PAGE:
Once you’re hired, do great work. Your quality will speak for itself, and your reputation will grow. Plus, now that you’ve landed your first gig, you can start beefing up that online portfolio on your website.
- Market Yourself
As uncomfortable as it may be at first, to become a successful, money-making freelancer, you need to market yourself. You have to talk yourself up. Your website is a great place to shine, but don’t forget to utilize other resources. LinkedIn, social media. These are an easy way to put your name out there and connect with others, both those who may want to hire you and those you can learn from. Don’t be afraid of networking, both in person and online. The harder you work to get noticed, the more projects and clients you’ll get. It does pay off.
My Next Steps
Having a copywriting website, approaching potential clients, and marketing myself via LinkedIn and other groups is how I took the leap and moved from Upwork and Elance to working directly for clients. Taking these steps is how I was able to increase my rates over time and finally make a decent living. And hopefully the rates will continue to climb as I get more and more experienced. I had to put myself out there a great deal. But when you do solid work, clients recommend you to others. So many of my projects have come to me via this approach. But believe me, it is an ongoing process and I’m still very much marketing myself all the time. Despite the many perks of working online, it’s important to remember that this is still a job, and it’s a mighty hard one at that. In a future blog post, I’ll address some of the ins and outs of freelancing, including time management, handling taxes (for US citizens), invoicing, organizing, and getting paid.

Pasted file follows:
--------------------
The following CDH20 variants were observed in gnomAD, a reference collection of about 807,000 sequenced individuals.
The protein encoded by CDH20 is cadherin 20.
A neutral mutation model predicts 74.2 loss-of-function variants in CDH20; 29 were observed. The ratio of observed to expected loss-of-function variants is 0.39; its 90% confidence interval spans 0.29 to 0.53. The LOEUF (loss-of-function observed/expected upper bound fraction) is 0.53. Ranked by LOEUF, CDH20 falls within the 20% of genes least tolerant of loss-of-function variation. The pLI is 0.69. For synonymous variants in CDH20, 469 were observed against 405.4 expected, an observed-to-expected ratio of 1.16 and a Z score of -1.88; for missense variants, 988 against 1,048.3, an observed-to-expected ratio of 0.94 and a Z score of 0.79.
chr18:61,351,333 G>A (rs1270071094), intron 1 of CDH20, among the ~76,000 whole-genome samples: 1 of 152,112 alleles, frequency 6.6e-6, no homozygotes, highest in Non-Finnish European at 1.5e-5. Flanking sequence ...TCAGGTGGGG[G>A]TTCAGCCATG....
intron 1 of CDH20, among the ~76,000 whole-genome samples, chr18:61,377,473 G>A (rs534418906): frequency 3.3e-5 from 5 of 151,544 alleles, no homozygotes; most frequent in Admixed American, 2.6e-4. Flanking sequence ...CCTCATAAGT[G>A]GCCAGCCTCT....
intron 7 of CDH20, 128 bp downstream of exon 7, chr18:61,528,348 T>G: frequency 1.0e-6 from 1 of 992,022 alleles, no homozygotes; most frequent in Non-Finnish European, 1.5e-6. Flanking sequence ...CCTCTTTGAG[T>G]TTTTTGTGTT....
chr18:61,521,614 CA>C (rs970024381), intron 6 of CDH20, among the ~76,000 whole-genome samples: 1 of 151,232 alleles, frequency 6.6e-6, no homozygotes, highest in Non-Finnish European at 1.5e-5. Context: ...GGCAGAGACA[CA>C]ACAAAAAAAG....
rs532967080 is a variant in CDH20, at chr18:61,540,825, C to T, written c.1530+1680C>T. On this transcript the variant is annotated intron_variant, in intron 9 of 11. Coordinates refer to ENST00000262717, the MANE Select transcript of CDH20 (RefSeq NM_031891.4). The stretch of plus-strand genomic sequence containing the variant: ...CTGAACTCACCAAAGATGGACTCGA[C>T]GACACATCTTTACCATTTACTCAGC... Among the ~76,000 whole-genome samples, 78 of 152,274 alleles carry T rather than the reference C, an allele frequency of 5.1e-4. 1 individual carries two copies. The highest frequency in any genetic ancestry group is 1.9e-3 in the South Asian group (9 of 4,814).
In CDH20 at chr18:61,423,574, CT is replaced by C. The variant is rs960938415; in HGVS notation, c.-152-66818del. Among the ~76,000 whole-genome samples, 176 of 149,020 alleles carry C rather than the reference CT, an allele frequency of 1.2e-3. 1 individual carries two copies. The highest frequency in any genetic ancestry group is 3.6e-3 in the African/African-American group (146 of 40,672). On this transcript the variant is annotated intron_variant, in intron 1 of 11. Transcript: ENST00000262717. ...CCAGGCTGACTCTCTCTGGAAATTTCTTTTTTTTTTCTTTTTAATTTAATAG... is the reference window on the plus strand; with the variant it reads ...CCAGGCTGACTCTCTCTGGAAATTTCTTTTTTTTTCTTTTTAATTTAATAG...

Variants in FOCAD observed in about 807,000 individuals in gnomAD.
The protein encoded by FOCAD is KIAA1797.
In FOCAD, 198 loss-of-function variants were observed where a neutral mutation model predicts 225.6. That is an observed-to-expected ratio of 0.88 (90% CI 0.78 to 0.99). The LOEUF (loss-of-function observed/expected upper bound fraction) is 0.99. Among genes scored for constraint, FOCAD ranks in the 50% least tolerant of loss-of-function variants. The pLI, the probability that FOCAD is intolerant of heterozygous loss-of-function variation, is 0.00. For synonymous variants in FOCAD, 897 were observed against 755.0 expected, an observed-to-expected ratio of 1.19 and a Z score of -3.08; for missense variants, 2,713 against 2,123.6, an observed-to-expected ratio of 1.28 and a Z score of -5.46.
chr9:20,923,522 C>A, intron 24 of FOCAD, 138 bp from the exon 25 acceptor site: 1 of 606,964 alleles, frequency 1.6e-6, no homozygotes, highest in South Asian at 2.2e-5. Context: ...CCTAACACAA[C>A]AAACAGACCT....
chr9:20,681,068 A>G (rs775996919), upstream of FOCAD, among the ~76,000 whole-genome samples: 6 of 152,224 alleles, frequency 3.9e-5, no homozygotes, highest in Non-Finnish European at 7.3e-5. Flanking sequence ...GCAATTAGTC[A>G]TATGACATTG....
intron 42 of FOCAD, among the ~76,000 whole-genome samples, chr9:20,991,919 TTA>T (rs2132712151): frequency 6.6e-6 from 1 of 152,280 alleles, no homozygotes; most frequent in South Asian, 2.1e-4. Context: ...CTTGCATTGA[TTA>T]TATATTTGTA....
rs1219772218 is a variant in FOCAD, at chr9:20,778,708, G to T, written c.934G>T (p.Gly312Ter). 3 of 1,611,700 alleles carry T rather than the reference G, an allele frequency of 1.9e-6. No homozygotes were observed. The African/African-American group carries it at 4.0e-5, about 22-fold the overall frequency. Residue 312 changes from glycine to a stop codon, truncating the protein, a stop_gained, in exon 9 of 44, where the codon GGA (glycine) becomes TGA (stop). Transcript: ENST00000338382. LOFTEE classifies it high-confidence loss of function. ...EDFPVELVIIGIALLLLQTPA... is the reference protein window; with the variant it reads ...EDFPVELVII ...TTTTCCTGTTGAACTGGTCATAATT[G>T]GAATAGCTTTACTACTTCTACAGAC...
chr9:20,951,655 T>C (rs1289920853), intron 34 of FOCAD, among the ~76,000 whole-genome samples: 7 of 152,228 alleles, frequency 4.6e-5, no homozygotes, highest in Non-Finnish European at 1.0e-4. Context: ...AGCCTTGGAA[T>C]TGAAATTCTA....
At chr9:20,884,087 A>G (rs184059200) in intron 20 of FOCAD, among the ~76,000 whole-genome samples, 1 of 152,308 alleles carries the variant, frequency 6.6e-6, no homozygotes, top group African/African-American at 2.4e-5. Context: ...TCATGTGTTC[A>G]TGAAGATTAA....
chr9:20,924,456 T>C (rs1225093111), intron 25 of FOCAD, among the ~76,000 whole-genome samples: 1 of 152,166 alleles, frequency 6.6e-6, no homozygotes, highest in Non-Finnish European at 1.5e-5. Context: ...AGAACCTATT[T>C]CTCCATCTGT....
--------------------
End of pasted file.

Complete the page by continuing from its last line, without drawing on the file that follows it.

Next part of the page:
What If I Have No Skills?
First of all, if you believe you have no skills, you need to grab a self-help book immediately on building confidence. You cannot be successful as a freelancer without a healthy dose of self-esteem. You need to believe in yourself more than anything.